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Glass: Satyagraha Box set

17 customer reviews

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Audio CD, Box set, October 25, 1990
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Editorial Reviews

Satyagraha remains, decades after its composition, one of Philip Glass's most traditional works. An emphasis on strings and on courtly, European-toned small choruses lends the opera a sense of musical familiarity rarely evidenced in the composer's extensive catalog. The libretto, though written in Sanskrit, is often mistakable, sonorously, for Italian. Satyagraha's relative independence from the internecine Indian raga-like patterns of the composer's other long-form work is particularly ironic given the opera's subject: Mahatma Ghandi, whose native country's ritual culture and spiritual heritage have long informed Glass's music. This is no dramatic biography; following a mythological gambit, the scenes focus on a handful of specific events in Ghandi's long life (the construction of a communal farm, his tumultuous arrival in Durban, the publication of the weekly broadside Indian Opinion). Pointedly, the opera is an international affair, each of its three acts referencing a major cultural figure: Leo Tolstoy, Rabindranath Tagore, and Martin Luther King Jr. The music is most interesting when Glass draws parallels between his patented, minimalist patterns and standard classical mode. --Marc Weidenbaum

Disc: 1
1. Satyagraha: Scene 1
2. Satyagraha: Scene 2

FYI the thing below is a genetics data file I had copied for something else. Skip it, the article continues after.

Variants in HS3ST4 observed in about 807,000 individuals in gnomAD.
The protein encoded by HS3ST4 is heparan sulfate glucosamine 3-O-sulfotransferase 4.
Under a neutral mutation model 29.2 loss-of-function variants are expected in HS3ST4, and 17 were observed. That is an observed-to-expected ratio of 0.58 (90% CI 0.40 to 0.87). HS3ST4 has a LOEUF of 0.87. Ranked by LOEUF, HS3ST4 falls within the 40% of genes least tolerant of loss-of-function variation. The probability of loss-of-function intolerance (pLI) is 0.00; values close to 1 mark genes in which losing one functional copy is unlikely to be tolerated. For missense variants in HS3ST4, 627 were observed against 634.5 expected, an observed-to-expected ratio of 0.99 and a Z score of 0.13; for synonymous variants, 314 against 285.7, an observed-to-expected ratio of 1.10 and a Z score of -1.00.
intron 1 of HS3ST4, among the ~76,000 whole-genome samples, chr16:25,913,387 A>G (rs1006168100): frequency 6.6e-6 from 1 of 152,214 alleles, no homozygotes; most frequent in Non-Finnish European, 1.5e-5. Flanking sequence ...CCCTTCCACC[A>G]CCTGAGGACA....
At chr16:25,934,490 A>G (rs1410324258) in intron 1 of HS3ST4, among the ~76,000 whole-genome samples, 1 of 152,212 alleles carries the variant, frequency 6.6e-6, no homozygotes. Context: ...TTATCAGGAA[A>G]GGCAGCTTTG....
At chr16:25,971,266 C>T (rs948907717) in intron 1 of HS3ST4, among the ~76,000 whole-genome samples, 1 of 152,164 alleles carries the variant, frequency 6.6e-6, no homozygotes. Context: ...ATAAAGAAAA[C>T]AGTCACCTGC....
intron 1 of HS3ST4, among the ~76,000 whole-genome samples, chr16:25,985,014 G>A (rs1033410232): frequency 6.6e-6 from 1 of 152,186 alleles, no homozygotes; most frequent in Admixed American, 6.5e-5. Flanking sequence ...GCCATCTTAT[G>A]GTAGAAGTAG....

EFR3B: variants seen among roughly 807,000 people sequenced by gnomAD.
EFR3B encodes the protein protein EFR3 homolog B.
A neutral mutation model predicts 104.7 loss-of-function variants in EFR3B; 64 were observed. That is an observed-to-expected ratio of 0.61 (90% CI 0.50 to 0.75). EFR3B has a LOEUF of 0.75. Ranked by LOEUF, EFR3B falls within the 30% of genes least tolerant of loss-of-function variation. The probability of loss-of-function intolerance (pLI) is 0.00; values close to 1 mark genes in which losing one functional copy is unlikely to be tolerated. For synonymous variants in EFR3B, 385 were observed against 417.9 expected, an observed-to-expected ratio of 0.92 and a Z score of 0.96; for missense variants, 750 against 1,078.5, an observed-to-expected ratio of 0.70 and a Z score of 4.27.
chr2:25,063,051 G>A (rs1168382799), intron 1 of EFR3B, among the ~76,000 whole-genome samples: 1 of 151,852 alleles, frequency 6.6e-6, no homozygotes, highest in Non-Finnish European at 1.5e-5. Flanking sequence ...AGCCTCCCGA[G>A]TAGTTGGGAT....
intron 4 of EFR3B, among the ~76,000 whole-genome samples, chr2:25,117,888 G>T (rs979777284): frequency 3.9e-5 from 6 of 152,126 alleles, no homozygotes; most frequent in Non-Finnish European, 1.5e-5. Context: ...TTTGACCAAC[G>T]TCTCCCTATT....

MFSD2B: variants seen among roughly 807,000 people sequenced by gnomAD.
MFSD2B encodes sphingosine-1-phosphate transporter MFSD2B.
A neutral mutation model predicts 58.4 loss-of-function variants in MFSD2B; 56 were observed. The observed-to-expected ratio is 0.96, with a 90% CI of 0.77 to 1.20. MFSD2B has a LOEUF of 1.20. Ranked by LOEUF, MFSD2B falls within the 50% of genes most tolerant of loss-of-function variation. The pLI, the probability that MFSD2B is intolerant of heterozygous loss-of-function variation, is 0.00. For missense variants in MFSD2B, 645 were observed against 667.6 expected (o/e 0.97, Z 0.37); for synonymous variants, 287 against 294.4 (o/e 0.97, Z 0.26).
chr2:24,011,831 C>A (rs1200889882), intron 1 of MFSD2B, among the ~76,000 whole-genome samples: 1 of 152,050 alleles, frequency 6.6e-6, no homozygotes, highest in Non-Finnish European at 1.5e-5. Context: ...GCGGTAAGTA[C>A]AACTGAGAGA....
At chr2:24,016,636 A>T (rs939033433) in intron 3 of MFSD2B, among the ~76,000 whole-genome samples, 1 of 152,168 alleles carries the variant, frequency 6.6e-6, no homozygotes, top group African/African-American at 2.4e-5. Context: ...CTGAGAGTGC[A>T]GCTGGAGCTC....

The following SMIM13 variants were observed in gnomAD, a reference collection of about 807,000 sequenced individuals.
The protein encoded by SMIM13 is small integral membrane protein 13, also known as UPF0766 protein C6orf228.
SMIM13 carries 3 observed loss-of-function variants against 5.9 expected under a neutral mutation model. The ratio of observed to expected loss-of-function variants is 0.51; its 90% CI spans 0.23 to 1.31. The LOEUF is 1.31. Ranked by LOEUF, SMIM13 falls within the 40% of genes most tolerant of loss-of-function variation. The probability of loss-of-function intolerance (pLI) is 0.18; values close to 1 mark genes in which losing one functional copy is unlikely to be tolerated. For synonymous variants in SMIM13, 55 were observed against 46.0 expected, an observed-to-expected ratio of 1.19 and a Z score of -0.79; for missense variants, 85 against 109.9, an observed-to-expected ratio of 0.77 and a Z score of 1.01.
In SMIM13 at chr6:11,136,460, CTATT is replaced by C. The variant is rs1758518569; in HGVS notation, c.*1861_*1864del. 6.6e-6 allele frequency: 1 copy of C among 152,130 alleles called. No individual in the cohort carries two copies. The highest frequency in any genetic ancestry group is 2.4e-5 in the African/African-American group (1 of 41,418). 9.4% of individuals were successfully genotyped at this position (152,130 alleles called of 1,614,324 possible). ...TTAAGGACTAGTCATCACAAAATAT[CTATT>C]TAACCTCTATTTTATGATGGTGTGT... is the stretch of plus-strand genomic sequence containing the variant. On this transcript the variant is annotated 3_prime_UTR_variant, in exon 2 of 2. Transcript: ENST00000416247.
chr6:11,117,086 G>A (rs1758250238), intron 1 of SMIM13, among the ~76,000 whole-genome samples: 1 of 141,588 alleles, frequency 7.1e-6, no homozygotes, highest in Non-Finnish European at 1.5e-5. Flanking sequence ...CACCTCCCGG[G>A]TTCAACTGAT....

3. Satyagraha: Scene 3
Disc: 2
1. Stayagraha: Scene 1
2. Stayagraha: Scene 2
3. Stayagraha: Scene 3
Disc: 3
1. Satyagraha: Part 1
2. Satyagraha: Part 2
3. Satyagraha: Part 3

Product Details

  • Audio CD (October 25, 1990)
  • Number of Discs: 3
  • Format: Box set
  • Note on Boxed Sets: During shipping, discs in boxed sets occasionally become dislodged without damage. Please examine and play these discs. If you are not completely satisfied, we'll refund or replace your purchase.
  • Label: CBS Records Masterworks
  • ASIN: B000002621
  • Average Customer Review: 4.4 out of 5 stars  See all reviews (17 customer reviews)
  • Amazon Best Sellers Rank: #177,549 in Music (See Top 100 in Music)

Customer Reviews

Most Helpful Customer Reviews

51 of 52 people found the following review helpful By Kevin Currie-Knight TOP 1000 REVIEWERVINE VOICE on September 23, 2002
Format: Audio CD
As part of a trilogy of 'portrait operas,' Glass tells us in the liner notes that each opera deliberately has a different flavor. "Einstein on the Beach" had an electronic, mathematical and tense feel. "Akhnaten," a floating yet grand orchestral quality and this, "Satyagraha," then, is somewhere in between with a very sparsely orchestrated, contemplative design. So sparse and light is the music here, that much of the opera utilizes one section of the orchestra at a time playing unison harmonies. Was this deliberate, or did Glass simply not feel comfortable writing for orchestra after writing for the Glass ensemble? Well, that's debateable but for my money, I think "Satyagraha's" terseness deliberate and spectacular.
So why do I say this opera is 'unjustly ignored'? Well, there are two types of Glass fans. First, the hard minimalists who like most of the Glass ensemble's electronic works, like Einstein and Music for Twelve Parts. Then, there are the newer Glass fans, who like his more traditional, orchestral works, like the Low Symphony and his film scores. The problem is that "Satyagraha" is the pivot between the two and has alienated both fans. It is very close to Glass's earlier style in it's insistent repititon with slight variations that the will bore the orchestral fans but the Glass ensemble fans will feel cheated by the warm orchestral touch. So this great opera has fallen through the cracks by defying categorization in the Glass repitoire.